Again, these properties are publicly owned and neither the state government or the salvation has made any attempt to house anyone escaping domestic violence in the 300 hundred odd other properties compulsorily acquired for the East-West link.
They have instead put many on the private market and paid $880 dollars a day to security firms to ‘defend’ them from the public. This is what the media will not print.
Statement from Homeless Persons Union Victoria (21 August 2016)
Firstly, we would like to thank everyone who has supported this occupation. I would also like to take this opportunity to reiterate that we are here to highlight the state government’s lack of investment in public housing a model that research has shown is three times more effective in addressing homelessness than community housing and or crisis accommodation.
This morning we had a womyn with two children knock on our door asking for assistance, this is not about grandstanding
Our aims were to have all the compulsorily acquired East-West link homes put on the public housing register and that those on the 35,000 long waiting list given access to them.That we see a plan to address the 25,000 plus Victorians who are currently homeless. That there be transparency and accountability on questions of who manages these properties and what the future plans for them are. That the minister come down and speak to the homeless including womyn escaping domestic violence (who are the largest cohort in the homeless statistics) and how they feel they have been let down by the homelessness industry and faith based organisations.
Again, these properties are publicly owned and neither the state government or the salvation has made any attempt to house anyone escaping domestic violence in the 300 hundred odd other properties compulsorily acquired for the East-West link. They have instead put many on the private market and paid $880 dollars a day to security firms to ‘defend’ them from the public. This is what the media will not print.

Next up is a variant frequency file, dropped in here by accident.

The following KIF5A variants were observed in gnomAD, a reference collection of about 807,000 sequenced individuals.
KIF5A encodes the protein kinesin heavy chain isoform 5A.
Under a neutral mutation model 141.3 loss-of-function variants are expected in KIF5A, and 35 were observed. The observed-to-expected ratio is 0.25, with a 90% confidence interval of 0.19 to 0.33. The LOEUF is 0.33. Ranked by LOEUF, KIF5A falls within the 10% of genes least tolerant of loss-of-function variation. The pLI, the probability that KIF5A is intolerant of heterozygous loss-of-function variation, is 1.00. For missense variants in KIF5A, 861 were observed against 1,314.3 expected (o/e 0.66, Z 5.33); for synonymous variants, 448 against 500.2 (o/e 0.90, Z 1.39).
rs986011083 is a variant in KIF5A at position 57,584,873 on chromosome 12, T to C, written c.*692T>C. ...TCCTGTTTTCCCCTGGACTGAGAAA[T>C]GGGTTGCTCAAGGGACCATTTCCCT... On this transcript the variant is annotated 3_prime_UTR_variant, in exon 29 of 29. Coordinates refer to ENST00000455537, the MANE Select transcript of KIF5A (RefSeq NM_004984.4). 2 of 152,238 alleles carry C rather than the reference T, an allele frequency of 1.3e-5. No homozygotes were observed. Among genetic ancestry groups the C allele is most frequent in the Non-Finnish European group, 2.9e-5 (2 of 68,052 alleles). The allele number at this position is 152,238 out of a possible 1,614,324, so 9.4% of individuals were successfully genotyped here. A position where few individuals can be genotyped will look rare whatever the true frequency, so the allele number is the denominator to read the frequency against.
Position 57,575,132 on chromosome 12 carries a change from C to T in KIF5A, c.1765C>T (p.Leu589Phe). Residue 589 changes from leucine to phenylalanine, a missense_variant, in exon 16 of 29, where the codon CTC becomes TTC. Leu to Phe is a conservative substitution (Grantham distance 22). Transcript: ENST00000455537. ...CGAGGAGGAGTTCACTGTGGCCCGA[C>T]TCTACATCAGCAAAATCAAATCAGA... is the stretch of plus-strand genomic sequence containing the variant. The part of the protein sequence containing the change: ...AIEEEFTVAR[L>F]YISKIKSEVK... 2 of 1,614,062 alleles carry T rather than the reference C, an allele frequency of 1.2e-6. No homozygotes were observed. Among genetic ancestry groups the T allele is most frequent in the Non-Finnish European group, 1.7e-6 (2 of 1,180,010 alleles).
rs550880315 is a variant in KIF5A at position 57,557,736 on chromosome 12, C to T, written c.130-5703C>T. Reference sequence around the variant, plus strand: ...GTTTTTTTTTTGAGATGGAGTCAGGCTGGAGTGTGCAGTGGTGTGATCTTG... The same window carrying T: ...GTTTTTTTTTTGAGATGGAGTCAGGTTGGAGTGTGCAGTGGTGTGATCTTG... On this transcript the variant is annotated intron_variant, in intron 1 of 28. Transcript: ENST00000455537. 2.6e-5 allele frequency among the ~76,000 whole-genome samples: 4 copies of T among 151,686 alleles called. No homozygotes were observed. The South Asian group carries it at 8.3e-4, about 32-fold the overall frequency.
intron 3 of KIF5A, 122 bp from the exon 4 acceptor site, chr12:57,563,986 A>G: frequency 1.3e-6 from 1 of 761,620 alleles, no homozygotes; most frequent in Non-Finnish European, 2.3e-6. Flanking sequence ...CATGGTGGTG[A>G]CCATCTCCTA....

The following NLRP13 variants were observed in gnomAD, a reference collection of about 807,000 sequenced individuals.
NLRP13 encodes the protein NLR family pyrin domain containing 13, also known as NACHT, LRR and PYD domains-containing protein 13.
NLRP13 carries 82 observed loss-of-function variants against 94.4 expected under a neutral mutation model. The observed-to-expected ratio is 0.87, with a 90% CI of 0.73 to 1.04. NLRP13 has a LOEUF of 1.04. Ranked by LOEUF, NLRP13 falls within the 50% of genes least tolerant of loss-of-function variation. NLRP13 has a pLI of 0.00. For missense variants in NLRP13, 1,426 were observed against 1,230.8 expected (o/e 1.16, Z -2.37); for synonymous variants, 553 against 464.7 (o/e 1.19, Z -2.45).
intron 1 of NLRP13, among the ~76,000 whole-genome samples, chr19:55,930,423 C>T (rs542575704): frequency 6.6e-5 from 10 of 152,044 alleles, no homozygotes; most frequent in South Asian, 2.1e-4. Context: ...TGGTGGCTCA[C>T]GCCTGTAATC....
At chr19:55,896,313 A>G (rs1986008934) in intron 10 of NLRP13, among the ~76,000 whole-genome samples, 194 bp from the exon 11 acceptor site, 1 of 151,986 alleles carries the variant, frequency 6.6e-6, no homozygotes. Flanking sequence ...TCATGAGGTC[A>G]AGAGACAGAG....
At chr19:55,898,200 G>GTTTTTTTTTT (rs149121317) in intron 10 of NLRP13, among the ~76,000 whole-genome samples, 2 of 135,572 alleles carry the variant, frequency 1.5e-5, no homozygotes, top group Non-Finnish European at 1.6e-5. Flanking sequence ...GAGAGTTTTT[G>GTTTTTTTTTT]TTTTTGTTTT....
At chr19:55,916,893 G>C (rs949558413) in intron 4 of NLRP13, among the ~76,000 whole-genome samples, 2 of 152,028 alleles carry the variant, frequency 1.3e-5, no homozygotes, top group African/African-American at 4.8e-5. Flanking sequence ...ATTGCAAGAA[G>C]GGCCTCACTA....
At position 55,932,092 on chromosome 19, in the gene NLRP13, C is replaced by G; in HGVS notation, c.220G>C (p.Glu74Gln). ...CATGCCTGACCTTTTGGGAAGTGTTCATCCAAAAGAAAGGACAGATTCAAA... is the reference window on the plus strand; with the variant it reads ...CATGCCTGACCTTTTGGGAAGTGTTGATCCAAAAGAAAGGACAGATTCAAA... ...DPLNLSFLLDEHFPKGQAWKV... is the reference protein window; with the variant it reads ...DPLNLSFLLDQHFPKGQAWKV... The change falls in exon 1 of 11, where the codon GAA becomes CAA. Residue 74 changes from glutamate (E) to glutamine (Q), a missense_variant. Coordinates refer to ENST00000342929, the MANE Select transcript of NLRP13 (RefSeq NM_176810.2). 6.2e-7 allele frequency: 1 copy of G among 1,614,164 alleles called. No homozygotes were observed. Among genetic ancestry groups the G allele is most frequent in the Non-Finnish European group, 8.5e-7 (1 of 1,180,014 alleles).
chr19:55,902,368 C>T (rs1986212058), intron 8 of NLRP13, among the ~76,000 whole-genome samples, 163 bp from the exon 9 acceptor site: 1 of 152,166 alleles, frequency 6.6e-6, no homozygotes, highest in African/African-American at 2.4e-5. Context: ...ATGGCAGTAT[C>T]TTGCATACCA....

ABC Victoria: Melbourne squatters given reprieve following court case (15 August 2016)
Squatters occupying properties compulsorily acquired under Melbourne’s failed East West Link project have been spared eviction for at least another week.
About 100 people have taken up residence in properties in Bendigo Street in Collingwood and in Parkville since March.
The squatters were issued eviction notices last week but have been granted a Supreme Court injunction preventing them from being forcibly removed.
The matter will return to court on August 24.
Megan Fitzgerald, from the Fitzroy Legal Service, said the actions of the Government and police had been inappropriate.
“The justice was very critical of the approach that’s been taken in this matter, particularly the use of police as opposed to other legal processes that could’ve been used,” she said.
Ms Fitzgerald said she was heartened by the comments which confirmed the state did have a duty of care towards homeless people.
“There was a flagging that it would be appropriate for there to be discussions to actually meet the needs of homeless people as opposed to calling in the police,” she said.
She said some of the people staying in the houses were “extremely vulnerable and have no alternative accommodation”.
Housing Minister Martin Foley said while the squatters had a right to pursue legal action, the Government also had a responsibility to families in crisis.
“We’ll continue to work through those processes,” he said.
“We’ll continue to be advised by Victoria Police as to how they wish to handle any matter about returning those houses to the Salvos to make sure those homeless families can be housed.”